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Why are women still underrepresented in today’s corporations? McKinsey looks for answers

McKinsey finds it difficult to make progress in regards to gender equality. Despite the fact that McKinsey has, for a number of years, been conducting research that has helped many organisations improve their gender balance – for example, through their “Women Matter” initiative - they are not where they want to be, write Dominic Barton, Sandrine Devillard and Judith Hazlewood on the consultant’s website.

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“Women now represent about 39 per cent of McKinsey’s entry-level hires, but occupy just 11 per cent of the senior-leadership roles within the firm. There are currently four women on our 30-member Shareholders Council.”

This is their take on the reasons for the persistent unbalance between the genders in their own firm and everywhere else in the corporate world:

  • For one, in many organizations, senior leadership has only recently committed itself to addressing this challenge. A “Women Matter” study showed that gender diversity was a top-ten strategic priority for only 28 per cent of companies in 2010 – and for a third of companies, it was not on the strategic agenda at all. It’s widely acknowledged that without a commitment from the top, nearly any major change programme will fail.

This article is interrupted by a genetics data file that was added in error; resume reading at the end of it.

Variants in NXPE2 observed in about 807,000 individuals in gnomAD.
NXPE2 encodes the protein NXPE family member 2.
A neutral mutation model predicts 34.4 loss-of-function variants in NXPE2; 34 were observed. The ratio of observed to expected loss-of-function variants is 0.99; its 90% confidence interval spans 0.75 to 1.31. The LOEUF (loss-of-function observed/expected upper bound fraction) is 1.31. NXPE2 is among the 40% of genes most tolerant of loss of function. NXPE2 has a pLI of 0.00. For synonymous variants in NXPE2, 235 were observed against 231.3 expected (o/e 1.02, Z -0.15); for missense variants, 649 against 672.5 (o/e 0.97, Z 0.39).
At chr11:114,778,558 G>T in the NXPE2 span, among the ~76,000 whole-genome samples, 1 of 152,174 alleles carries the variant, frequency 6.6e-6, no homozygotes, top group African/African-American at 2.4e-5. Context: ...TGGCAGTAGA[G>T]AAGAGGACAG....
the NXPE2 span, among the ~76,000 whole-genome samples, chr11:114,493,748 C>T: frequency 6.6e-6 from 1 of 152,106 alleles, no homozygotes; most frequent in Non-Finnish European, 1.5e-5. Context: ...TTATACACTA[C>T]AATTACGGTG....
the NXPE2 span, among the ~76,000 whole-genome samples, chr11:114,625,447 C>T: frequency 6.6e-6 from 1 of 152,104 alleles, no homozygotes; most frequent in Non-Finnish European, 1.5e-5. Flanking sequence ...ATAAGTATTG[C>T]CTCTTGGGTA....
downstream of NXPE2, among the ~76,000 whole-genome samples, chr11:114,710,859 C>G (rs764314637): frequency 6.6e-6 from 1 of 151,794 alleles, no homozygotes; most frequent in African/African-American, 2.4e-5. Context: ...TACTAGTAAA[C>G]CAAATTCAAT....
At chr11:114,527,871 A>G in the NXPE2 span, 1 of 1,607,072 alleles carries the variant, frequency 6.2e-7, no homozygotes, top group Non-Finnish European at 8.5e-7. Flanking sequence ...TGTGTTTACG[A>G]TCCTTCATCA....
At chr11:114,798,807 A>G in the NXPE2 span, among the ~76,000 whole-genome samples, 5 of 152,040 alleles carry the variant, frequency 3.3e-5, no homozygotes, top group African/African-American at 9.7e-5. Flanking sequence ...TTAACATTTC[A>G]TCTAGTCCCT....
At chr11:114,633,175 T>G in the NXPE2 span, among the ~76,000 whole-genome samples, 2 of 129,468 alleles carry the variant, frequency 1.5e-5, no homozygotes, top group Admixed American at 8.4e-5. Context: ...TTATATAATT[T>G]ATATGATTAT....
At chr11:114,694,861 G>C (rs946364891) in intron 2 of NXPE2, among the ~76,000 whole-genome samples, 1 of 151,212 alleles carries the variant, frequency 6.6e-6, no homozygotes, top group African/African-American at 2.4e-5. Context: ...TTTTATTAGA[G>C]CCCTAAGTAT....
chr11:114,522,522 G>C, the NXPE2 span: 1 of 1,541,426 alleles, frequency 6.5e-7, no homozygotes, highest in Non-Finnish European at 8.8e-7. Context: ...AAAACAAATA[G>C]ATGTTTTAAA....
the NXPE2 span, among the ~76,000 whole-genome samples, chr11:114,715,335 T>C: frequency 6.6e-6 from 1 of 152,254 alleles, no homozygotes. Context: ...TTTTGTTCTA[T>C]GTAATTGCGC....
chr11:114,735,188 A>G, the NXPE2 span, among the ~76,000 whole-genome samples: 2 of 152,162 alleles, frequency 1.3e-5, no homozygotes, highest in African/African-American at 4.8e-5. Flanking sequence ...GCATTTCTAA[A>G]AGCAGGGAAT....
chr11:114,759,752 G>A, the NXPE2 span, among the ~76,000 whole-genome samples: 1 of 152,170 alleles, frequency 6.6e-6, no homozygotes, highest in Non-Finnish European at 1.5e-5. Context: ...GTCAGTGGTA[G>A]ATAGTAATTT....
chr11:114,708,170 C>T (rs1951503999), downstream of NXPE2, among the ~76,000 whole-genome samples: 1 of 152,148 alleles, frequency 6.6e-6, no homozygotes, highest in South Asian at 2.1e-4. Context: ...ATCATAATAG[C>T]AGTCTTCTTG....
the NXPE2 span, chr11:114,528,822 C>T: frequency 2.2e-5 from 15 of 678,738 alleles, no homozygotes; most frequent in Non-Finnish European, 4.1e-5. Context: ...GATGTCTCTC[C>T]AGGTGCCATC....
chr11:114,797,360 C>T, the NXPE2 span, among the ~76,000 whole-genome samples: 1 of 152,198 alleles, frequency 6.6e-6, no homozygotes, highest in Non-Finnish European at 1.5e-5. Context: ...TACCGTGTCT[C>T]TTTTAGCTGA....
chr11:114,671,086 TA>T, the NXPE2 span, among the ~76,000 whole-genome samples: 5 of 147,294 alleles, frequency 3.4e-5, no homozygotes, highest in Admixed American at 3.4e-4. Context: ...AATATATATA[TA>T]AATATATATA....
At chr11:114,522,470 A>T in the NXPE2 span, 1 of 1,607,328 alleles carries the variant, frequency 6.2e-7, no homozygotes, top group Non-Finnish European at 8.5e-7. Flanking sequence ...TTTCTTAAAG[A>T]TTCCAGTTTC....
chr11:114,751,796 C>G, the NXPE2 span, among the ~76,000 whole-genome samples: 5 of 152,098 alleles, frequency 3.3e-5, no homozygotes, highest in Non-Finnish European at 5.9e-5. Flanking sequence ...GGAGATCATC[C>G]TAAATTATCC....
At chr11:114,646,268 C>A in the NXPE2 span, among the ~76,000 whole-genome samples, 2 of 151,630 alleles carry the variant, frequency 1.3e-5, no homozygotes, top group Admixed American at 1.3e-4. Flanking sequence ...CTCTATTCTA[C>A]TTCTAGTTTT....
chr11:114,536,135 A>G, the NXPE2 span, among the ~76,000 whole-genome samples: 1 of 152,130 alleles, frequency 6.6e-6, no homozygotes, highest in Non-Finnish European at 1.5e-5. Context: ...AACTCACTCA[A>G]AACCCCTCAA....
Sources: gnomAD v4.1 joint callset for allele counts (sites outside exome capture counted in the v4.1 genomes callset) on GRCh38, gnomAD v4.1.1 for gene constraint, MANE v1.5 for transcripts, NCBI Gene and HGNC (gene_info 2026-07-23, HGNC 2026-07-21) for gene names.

• A second reason for sluggish progress has to do with the nature of the gender inequality issue itself, which, like many efforts to change organizational cultures, requires companies to take action across a broad range of factors and keep their managers aligned with multiple objectives for years at a time. Our research shows that the focus in these interventions must be to help women better develop as leaders, and to design the conditions in which this can take place. Crucial aspects include sponsoring (not just mentoring), neutralizing the effects of maternity leave and ongoing parenting responsibilities on career advancement and wage increases, and evolving the criteria companies use for promotions to include a diversity of leadership styles.
  • Addressing these interrelated gender issues is difficult, which brings us to a third reason why change has been slow: major transformation efforts require steady, broad-based interventions over time. After an initial commitment from the top, significant changes can typically take as many as eight or more years, requiring the close and visible monitoring of progress by the executive team. It’s never easy and it’s rarely quick.


Find the full report here:
Gender equality: Taking stock of where we are

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